Why Can’t The Church Stay Jewish?

A few years ago, before I had been baptized, I visited a Messianic Jewish congregation. My main question upon leaving the service was: where, exactly, are the Jews? The two rabbis leading worship seemed to be Jewish, as did a few other individuals; most worshippers exhibited the usual ethnic and racial mix to be found at an urban church.

Thomas Robinson’s book, Ignatius of Antioch and the Parting of the Ways: Early Jewish-Christian Relations, has led me to think in more depth about the reasons for this phenomenon.

Professor Robinson disputes the commonly held theory that the early Christian communities in Antioch, up to and including the time of Ignatius, drew many of their converts from among Gentiles attracted to Judaism – “proselytes,” who had converted to Judaism, and “God-fearers,” who associated with the Jewish community but had not converted.

Among several arguments advanced to discredit this opinion (all self-admittedly speculative, since there is very little written material from Antioch of this period), Robinson points out that, given the rejection of the Christians by the synagogue as early as the Book of Acts, the two religious communities by the time of Ignatius (around 70 AD) must have socialized too little to present a real opportunity for Gentiles attracted to Judaism to discover and consider Christianity. There may have been such opportunity for the first generation of “pious Gentiles” after Christ, Robinson argues. After that, the Jewish and Christian communities likely became so polarized that Gentiles would have been more likely to choose between them, rather than flowing from one to the other.

If Robinson is right about the mutual alienation of the Jewish and Christian communities in the Jewish diaspora (which grew rapidly after the destruction of the Temple) so early in Christian history, it must have been a significant obstacle to the recruitment of new Christian converts from Jewish communities. As Robinson subsequently argues, that would have left the Church and the Jews (who, he contends, were far more active proselytes than modern scholars, and many modern Jews, like to believe) to compete for Gentile converts.

It’s also worth noting that, today as in Antioch, non-Christian Gentiles are likely to practice a form of either paganism or atheism (unless they are Muslim), while many Jews practice Judaism, even if in a diluted form. The spiritual hunger of the former may therefore be greater. Indeed, Robinson argues that some Gentiles in Antioch may have discovered Judaism upon becoming Christians, and subsequently became Jewish proselytes; this, he believes, may have been an important motivation for Ignatius strong anti-Jewish rhetoric.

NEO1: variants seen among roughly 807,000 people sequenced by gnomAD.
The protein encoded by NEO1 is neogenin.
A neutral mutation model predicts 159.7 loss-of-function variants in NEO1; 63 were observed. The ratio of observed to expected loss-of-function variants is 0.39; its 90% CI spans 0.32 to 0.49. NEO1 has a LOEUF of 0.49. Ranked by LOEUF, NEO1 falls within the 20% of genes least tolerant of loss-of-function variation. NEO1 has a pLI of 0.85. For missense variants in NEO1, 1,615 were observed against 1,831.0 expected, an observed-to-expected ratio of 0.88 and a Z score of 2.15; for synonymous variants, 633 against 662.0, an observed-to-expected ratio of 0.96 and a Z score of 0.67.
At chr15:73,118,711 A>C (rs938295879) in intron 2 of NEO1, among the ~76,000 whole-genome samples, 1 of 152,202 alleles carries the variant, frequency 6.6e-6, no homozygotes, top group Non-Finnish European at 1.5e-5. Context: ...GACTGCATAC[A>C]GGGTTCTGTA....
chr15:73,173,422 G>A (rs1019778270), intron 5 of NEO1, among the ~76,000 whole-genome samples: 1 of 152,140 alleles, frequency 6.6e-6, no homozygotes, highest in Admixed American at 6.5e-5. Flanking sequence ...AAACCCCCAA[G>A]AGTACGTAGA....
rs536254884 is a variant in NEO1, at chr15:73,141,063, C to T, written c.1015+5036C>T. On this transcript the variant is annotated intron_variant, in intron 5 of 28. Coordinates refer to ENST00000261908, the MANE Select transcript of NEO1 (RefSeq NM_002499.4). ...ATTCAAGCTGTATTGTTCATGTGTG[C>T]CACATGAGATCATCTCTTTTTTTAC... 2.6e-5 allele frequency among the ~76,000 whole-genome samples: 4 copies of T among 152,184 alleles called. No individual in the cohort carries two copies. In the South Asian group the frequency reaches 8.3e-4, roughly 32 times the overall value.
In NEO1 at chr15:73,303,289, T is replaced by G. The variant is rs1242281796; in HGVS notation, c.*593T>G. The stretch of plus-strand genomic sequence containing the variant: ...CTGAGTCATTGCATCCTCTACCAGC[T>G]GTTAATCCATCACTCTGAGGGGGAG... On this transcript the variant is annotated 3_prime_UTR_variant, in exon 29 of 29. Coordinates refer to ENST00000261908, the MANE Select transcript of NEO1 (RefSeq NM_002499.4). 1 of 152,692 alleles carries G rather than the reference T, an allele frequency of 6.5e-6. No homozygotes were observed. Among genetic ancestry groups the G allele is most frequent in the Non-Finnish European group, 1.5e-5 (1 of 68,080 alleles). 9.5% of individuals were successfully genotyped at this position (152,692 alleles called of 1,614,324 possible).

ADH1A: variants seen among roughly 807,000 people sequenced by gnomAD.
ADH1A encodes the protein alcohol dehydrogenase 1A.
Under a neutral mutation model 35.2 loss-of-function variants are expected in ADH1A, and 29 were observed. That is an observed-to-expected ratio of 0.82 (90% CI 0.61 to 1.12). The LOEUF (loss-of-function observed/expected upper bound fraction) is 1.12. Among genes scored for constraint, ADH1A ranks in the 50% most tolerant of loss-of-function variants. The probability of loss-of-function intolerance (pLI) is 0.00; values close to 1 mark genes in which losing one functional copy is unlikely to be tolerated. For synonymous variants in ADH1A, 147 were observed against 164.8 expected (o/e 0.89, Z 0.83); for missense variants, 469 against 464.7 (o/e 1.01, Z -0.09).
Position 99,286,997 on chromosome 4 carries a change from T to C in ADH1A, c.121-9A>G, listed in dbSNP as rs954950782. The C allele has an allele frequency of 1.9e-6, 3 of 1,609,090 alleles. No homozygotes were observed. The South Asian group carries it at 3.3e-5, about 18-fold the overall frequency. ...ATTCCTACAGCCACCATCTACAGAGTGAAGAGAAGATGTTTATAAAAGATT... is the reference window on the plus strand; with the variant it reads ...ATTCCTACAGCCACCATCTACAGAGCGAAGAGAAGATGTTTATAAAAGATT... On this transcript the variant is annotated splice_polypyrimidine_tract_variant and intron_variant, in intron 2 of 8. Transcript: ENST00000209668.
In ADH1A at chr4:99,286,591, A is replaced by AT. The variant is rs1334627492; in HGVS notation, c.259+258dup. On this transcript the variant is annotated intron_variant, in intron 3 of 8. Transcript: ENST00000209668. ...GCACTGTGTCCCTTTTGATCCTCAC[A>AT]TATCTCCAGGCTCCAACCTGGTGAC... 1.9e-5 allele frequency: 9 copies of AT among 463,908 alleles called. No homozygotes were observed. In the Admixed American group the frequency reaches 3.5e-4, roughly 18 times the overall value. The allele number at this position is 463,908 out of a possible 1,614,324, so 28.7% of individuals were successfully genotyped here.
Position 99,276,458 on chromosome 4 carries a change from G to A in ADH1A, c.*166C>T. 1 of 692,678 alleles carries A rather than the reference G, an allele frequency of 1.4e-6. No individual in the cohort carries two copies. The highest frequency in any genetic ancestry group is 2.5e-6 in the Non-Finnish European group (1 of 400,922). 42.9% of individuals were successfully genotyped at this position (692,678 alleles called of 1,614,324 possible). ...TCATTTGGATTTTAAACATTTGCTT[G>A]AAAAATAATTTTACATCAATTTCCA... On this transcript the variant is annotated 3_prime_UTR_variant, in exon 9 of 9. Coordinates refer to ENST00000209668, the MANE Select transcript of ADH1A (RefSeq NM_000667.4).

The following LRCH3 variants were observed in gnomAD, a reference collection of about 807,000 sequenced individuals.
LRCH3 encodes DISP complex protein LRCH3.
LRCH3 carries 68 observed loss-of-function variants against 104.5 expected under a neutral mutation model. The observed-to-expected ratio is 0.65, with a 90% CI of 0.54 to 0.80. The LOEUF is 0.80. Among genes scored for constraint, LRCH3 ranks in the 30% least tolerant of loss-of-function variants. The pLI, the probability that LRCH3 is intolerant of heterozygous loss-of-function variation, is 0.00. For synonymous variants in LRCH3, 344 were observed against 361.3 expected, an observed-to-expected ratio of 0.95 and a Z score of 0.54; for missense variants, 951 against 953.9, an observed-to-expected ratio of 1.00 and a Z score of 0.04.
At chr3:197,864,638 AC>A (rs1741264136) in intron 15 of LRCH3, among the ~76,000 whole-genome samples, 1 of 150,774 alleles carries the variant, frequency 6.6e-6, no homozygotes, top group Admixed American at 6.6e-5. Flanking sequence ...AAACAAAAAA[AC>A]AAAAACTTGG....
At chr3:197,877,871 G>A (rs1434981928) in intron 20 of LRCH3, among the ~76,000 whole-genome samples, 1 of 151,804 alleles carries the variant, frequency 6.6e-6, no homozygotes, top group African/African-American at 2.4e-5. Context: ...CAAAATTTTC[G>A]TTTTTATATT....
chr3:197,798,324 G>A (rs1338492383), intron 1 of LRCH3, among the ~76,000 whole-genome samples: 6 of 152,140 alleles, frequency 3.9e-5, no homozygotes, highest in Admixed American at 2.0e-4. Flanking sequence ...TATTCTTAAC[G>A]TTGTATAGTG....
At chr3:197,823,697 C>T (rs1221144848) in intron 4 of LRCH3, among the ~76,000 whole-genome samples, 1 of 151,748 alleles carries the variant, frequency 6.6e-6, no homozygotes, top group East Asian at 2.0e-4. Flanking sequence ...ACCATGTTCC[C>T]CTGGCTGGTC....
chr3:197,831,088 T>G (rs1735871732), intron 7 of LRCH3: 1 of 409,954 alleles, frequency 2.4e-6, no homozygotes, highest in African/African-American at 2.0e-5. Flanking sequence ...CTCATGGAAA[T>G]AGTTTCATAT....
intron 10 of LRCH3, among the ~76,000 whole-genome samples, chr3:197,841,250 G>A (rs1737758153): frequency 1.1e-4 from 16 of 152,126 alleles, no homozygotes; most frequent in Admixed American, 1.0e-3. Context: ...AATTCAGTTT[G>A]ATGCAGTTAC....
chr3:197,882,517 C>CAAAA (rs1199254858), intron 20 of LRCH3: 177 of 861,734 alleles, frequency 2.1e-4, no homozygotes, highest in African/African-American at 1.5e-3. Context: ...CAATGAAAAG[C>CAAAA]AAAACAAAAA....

The result, of course, is that early churches must soon have come to look much like the Messianic congregation I had visited: a vanishing number of Jews at the helm, and a mostly Gentile population. This naturally set the stage, eventually, for “neither Jew nor Greek” coming to mean “actually, just Greek,” as I’ve noted in an earlier post.

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About The Groom's Family

I was born in Soviet Russia and grew up in Israel. I was baptized Orthodox Christian in 2006. Today my husband and I live in Northern Virginia. I would love to hear from you, so please leave a comment!
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6 Responses to Why Can’t The Church Stay Jewish?

  1. Brock says:

    Hi, I’ve been reading your blog with great interest all along, and I thought I’d comment on this one. I wouldn’t be at all surprised if Robinson is right; from what I’ve read, it seems likely that while there may have been a lot early Jewish Christians early on, the “not Christian” part of Jewish identity solidified fairly quickly. If Gentile converts outnumber Jews, and there is no barrier to intermarriage and no continuous influx of Jewish converts, then it is difficult to see how the Church could stay heavily Jewish in the sense of having lots of Jewish-identified members.

    Secondly, I wonder if there are unconscious assumptions at work, as well. We (and I’m including myself) that the Church seems Gentile rather than Jewish because we’re comparing it with our experience of current and recent historical Judaism. But that Judaism has been influenced by defining itself against Christianity for nearly 2000 years. It seems to me that it is entirely possible that the Jews have been at least as interested in differentiating themselves from the Christians as the Christians to the Jews. “You shall not follow the customs of the nations.” (Lev 20:23). Similarly, we are so accustomed to thinking of the Church as Gentile that we don’t see how Jewish it already is, and also we probably give too much weight to the natural divergences inherent in having Christianity and rabbinic Judaism develop separately. It’s a pity we can’t go back in time to pre-Christian Europe, pick up some cultured European pagans and have them compare and contrast the Church and the Jews!